It’s also okay to say “That’s a great question, we’ll let you know when we have an answer.”

TIP 6: Prepare Yourself Emotionally

Take care of yourself so you can take care of your children. Do your own emotional work so you can avoid burdening your children with your “stuff”. It’s okay for your children to know you’re sad, but it’s not helpful for them to bear witness to your big feelings about the end of your marriage or their other parent’s behavior.

Avoid putting kids in the caretaker role and instead, take this opportunity to model how to manage emotions appropriately. “We feel sad, too. And we have lots of grown ups (or a great therapist, a professional team) we can talk to to help us get through this. Our family is strong and we can get through hard stuff.”

TIP 7: Listen

Keep the focus on your children and their experiences. Listen to their concerns and hold space for their big feels. Each child will go through their own unique process.You do not need to rescue them from the loss and grief that is an inevitable part of divorce; just be present and supportive and help them maneuver this difficult time in the healthiest way possible.

TIP 8: Minimize Conflict

Conflict between parents is the number one indicator of negative  outcomes for children with divorced parents. If you do nothing else, commit to minimizing conflict so it does not come out in front of or within earshot of your children. Be aware that children also pick up on energy and non-verbal cues. Ask your friends or family members to help hold you accountable.

One parent I worked with was determined not to allow their current anger to impact the kids. So they made a plan to ask close friends for some accountability. First, they were asked to do a “kid check” to ensure no kids were home before discussing the divorce or their co-parent. Next they were asked to only allow angry divorce complaining for 5 minutes, at which time they would change the subject.

If ongoing conflict is a major issue between you, co-parent coaching can be a life-long gift to give your children.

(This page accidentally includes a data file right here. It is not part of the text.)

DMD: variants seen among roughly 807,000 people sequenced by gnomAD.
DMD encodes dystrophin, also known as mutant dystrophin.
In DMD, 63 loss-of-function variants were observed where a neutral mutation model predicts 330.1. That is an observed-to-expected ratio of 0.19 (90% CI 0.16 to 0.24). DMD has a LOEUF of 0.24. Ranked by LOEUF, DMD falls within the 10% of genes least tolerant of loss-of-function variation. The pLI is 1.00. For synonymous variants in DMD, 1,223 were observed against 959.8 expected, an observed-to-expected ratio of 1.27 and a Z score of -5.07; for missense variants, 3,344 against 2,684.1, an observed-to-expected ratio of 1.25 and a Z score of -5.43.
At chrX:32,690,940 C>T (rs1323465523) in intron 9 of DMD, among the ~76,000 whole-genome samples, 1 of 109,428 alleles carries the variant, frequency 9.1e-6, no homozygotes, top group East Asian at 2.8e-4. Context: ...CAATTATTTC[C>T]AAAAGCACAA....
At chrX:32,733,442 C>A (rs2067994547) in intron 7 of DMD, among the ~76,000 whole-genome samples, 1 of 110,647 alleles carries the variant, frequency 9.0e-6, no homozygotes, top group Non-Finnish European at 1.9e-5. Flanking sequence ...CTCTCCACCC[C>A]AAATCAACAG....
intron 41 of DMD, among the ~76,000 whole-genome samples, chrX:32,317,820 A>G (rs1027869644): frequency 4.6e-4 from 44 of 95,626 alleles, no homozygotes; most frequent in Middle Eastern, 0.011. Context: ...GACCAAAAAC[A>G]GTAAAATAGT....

TIP 9: Be Kind

Imagine your child as half you and half your co-parent. When you dismiss or criticize your co-parent, you are dismissing or criticizing half of your child. You don’t have to be friends, but your children will be healthier and happier if you are kind and show each other respect.

TIP 10: Get support if you need it

A family divorce professional such as a family mediator, co-parent coach or child specialist can help you create an initial message or “narrative” that is customized for your family, decide how and when to share it, brainstorm how to answer your children’s questions and help you lay the groundwork for future conversations. They can also help you develop a healthier co-parent relationship in the process.

Remember, these early interactions are chapter one of the story your children will tell about the time their parents divorced. You get to help them write that story.

 

Meg Merrill is a Family Mediator, Family Transition Specialist and Co-parent Coach and a member of Bridges Collaborative Divorce in Portland, Oregon.

 

To learn more, contact one of our Professionals at Bridges Collaborative Divorce Solutions.

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Meg Merrill, MSW
Family Mediator, Family Transition Specialist and Co-Parent Coach

503-567-5989